Alleged corruption blighting the tanning industry

Tanzania
Published:  05 May, 2014

The government in Tanzania admits that at least 75% of the country’s hides and skins are being smuggled out – despite a government ban of their exports in raw form – The Guardian on Sunday in Tanzania has reported that ‘dirty deals’ within the ministry fuel the malpractice.


The Minister for Livestock and Fisheries, Dr Titus Kamani, last week revealed that the malpractice was still rampant and robbing the government of significant revenues and leaving the few tanneries without business leaving them operating as as warehouses.

He said despite government efforts to increase export levy on the commodity, dealers now circumvent authorities through smuggling. But investigations by The Guardian on Sunday have it on authority that several exporters of hides and skins were operating under full support of officials from the Ministry of Livestock and Fisheries Development.


Most of the traders caught smuggling raw hides and skins are still in the business despite orders that their trading license be revoked. The Guardian on Sunday has since learnt that most of exporters of hides and skins are foreign traders or Tanzanians of foreign origin.
Interestingly, at least two companies owned by Pakistanis have repeatedly been caught smuggling raw hides, but no action has been taken against them it is alleged.



Last year, one of the companies was caught smuggling raw hides worth over Sh 165m/-, but no action was taken against it. Another company, Paktan Trading Company, also owned by Pakistanis, had was caught several times smuggling raw materials.

It was not until June, 2012 that owners of the company stopped using the name after realizing that it was behind a lot of scandals. By September, last year, the owners of the company started a new company with the name SFA Trading, and was duly issued a trading license by the Ministry of Livestock and Fisheries Development.
The papers investigations reveal that the new company was formed following advice from some senior officials from the ministry who informed the traders that they risked being locked out of business – because the other company was tainted with smuggling cases.
However, the firm’s director, Mohamed Waqas, two other employers Sufyan Afyal and Usman Afyal, had a case in court in connection with poaching – so using the same company name was risky.

Reliable sources revealed that the Pakistanis continued to operate skin and hides businesses without proper licences from June 2012 to September – without a trading licence.

Records indicate that the traders continued to receive large sums of money from abroad through the name, Paktan Trading Company, despite stopping using the name the previous year. It received close to $100,000 within one month.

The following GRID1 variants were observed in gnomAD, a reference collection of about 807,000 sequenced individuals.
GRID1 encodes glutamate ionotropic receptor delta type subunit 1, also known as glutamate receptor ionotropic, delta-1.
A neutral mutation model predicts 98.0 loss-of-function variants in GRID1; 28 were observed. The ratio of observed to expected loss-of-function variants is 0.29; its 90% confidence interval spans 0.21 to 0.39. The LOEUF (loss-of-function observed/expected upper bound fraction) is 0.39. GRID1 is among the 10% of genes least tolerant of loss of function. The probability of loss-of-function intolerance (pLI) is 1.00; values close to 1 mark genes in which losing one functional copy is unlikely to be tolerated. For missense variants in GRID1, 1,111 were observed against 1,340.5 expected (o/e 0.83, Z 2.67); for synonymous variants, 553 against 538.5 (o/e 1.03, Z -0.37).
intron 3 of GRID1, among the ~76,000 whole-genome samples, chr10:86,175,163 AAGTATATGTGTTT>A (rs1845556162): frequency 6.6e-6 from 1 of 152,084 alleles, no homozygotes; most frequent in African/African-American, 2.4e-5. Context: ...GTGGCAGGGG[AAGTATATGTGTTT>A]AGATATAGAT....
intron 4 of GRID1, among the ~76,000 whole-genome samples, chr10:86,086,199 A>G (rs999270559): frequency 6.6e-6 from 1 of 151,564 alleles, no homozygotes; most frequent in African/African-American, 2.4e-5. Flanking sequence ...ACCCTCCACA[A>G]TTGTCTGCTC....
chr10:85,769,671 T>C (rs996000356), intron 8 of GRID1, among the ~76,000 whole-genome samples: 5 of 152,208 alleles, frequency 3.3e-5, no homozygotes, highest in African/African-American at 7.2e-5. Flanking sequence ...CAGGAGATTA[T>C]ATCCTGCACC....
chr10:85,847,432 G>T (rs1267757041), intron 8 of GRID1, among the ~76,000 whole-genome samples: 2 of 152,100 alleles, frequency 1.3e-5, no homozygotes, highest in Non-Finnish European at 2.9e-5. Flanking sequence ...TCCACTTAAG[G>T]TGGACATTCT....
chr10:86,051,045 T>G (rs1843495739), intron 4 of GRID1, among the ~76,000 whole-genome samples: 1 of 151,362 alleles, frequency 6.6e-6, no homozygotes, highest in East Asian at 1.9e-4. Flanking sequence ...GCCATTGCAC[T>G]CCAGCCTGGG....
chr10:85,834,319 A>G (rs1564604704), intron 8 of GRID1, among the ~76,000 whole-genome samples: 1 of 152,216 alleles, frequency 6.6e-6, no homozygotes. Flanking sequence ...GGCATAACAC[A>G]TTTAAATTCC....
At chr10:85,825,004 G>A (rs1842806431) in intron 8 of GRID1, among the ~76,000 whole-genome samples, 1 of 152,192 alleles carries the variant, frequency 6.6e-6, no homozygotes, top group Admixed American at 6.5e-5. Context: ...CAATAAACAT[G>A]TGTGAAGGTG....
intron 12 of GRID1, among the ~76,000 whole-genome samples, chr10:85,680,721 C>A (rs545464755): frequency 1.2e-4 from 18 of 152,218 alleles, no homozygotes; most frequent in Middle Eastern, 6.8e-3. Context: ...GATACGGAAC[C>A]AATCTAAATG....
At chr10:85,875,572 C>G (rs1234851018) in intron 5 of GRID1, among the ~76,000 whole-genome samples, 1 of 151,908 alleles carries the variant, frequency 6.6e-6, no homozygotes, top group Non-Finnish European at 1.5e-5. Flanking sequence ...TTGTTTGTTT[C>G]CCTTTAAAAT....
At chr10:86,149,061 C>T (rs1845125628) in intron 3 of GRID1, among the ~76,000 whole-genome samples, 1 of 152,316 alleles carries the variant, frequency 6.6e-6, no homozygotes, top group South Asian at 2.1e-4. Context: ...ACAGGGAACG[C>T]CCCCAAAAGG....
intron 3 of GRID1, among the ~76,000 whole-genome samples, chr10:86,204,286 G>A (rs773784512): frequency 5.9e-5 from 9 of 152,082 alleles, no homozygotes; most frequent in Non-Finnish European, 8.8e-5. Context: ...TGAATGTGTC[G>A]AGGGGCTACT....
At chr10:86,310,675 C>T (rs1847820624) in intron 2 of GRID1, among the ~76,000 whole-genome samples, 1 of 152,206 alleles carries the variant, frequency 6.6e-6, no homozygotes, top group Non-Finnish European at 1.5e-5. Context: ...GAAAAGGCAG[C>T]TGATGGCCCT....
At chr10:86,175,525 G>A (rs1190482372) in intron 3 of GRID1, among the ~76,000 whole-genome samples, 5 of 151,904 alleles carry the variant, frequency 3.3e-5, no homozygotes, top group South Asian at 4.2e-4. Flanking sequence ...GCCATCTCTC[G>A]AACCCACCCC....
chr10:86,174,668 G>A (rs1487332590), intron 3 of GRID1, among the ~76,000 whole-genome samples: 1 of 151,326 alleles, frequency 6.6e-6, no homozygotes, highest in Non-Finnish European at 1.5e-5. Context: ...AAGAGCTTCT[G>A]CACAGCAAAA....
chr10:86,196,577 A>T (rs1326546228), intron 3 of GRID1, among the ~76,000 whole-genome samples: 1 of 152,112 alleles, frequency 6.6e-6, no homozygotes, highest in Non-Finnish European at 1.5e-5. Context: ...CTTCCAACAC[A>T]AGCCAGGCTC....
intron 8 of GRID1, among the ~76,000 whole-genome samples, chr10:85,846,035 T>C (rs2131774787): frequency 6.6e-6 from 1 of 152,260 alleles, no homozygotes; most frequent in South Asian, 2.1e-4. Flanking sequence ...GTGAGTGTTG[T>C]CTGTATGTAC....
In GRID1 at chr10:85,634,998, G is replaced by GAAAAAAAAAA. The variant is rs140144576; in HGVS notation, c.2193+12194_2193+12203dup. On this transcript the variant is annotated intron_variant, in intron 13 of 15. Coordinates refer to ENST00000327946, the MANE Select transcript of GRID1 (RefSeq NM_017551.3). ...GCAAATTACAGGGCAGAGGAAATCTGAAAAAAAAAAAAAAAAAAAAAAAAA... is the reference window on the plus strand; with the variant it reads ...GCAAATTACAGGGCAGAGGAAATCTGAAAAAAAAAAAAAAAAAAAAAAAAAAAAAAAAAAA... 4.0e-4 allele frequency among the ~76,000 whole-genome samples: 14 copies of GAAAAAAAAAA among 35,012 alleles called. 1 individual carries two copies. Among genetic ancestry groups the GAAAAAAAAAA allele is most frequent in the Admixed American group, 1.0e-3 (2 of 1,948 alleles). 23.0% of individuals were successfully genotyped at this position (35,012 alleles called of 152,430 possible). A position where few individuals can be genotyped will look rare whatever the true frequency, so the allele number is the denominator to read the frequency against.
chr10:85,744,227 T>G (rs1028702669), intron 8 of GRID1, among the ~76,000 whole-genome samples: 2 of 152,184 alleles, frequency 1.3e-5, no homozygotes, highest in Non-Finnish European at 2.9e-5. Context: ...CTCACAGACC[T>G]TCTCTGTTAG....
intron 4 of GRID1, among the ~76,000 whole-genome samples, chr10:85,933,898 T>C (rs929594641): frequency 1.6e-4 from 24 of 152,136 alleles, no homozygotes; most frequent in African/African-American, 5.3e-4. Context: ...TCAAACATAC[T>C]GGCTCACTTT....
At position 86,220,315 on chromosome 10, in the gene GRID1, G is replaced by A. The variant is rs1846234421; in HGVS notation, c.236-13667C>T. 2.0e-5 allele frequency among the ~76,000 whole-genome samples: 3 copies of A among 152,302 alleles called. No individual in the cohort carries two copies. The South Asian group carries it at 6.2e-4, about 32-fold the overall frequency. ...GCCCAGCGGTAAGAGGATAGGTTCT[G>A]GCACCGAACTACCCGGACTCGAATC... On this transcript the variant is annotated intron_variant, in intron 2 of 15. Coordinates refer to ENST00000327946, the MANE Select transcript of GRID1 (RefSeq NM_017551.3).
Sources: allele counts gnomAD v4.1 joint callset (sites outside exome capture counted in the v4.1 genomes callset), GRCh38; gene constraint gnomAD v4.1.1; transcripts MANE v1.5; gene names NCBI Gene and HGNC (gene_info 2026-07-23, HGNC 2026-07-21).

Statements seen by a Guardian on Sunday reporter show that the company received $8,466 on March 1, last year from overseas; $17,154.30 on March 18 and another $7,970.00 on the same month.
On March 28, the same year, it received another $32,000 before another $17,653.25 was delivered on April 2, 2013, all from abroad. Most of this money was wired into a commercial bank in Kariakoo from China, Pakistan and India. In total, the company received $1.4 million when it was not legally doing business
“It is surprising that they continued to use the name to transfer money from overseas when it didn’t have a trading licence,” said one of their sources who declined to be named.
“There is only one person who can issue and approve export permits, so the whole process is prone to corrupt deals,” he said, adding that the existence of a committee of five people to approve the documents, the decision lies with only one or two people.
Records indicate that companies Kilimani Forest and Agro-Products, in March this year exported 15 containers of wet-blue hides, all valued at $16,000 approximately Sh27, 376,440m/= per container.
“It is not possible to have all containers with the same quantity and monetary value because one cannot make the same for all containers,” our source said.

Another trader who cleared only two containers for export on April 10, 2014 had one container packed with 1,916 pieces of wet-blue hides valued at $46,579.48 in one container. The other one had 1,847 pieces of wet-blue hides valued $46,291.25, or about Sh74m/- in each container.